JUST when we all thought football hooliganism was a thing of the past, it reared it ugly head.

The last thing English football needs is to drift back to the bad old days of the 1970s and ’80s, when the game was littered with violence at grounds across the country.

To be fair to everyone involved in the game, from the Football Association downwards, great strides have been made to eradicate hooliganism.

But I just hope one night of shame at Upton Park on Tuesday will not be repeated.

It could have disastrous consequences for England’s hopes of hosting the 2018 World Cup and has worried officials here in South Africa, who are expecting as many as 50,000 English fans during next summer’s World Cup.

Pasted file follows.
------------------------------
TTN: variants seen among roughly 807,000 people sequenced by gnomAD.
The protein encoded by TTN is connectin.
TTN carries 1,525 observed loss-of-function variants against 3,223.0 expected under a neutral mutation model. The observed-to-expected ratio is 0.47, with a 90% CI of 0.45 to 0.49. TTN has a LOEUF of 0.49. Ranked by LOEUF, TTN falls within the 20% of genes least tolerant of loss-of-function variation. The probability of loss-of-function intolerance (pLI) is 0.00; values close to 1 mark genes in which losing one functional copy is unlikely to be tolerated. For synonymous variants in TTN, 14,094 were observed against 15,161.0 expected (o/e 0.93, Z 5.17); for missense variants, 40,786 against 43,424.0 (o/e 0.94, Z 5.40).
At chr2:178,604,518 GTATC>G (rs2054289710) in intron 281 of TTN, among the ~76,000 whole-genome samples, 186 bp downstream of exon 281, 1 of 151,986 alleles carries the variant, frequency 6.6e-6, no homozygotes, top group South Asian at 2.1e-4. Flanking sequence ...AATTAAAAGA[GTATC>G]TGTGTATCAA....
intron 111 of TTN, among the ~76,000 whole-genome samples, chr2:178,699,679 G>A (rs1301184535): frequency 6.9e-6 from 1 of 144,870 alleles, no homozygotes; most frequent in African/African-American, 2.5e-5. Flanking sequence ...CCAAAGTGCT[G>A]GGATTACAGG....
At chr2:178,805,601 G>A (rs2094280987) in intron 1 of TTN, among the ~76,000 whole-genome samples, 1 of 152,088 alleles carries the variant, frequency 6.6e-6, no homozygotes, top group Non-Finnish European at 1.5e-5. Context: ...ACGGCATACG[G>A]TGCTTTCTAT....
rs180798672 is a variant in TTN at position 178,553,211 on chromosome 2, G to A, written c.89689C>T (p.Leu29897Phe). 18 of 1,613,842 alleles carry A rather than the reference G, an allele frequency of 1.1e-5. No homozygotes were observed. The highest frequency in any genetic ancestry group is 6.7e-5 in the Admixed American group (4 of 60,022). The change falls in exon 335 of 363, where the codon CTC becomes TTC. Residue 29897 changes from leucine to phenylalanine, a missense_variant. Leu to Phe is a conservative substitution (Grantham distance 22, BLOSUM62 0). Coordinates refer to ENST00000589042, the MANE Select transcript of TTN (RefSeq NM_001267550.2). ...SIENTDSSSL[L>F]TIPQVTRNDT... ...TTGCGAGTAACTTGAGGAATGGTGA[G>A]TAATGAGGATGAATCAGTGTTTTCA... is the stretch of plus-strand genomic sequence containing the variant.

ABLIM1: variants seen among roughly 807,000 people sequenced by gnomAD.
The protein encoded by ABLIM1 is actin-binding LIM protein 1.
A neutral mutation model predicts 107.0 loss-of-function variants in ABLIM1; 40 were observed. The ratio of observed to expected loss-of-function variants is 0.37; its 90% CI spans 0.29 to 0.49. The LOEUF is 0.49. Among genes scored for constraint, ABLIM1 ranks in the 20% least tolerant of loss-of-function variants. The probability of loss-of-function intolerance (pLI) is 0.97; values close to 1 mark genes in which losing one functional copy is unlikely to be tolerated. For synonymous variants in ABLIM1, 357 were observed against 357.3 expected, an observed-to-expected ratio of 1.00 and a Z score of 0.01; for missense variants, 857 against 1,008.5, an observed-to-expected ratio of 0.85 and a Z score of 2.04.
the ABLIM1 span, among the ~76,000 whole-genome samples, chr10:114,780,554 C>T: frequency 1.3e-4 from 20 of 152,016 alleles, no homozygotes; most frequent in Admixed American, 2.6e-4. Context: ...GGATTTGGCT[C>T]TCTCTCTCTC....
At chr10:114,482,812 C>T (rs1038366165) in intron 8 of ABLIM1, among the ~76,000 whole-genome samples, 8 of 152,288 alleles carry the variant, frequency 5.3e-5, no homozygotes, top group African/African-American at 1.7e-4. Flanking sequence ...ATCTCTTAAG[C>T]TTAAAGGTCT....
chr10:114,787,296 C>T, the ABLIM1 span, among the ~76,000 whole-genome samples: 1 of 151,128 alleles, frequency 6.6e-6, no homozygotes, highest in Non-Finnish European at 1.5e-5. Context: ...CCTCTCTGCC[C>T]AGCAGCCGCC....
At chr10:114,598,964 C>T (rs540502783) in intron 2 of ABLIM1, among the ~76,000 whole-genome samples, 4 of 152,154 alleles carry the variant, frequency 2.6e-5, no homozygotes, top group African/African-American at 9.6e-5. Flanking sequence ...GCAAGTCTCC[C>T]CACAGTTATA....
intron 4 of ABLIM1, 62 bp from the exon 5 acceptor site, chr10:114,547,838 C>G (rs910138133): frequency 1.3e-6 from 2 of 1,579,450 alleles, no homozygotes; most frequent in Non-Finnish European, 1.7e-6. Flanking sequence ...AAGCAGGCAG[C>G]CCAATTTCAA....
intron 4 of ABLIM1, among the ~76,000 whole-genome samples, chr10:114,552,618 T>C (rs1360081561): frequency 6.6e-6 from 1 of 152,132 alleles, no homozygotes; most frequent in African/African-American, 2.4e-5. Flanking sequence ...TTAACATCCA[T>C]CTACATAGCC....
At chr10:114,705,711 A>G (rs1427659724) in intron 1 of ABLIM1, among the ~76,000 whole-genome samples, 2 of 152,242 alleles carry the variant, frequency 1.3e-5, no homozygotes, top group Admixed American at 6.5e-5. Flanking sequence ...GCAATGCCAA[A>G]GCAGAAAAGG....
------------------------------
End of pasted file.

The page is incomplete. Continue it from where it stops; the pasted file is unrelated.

Of course, Millwall and West Ham have a history of trouble and maybe security was lax on the night.

The extent of the violence came out of the blue but was still a disgrace to football.

Whoever is identified as rioting during the analysis of the CCTV footage should be banned for life.

The authorities have done a lot of hard work to reduce football-related violence and a thorough investigation is absolutely necessary to encourage the progress that has been made.

We cannot allow a return to the dark days when parents were too scared to take their children to matches.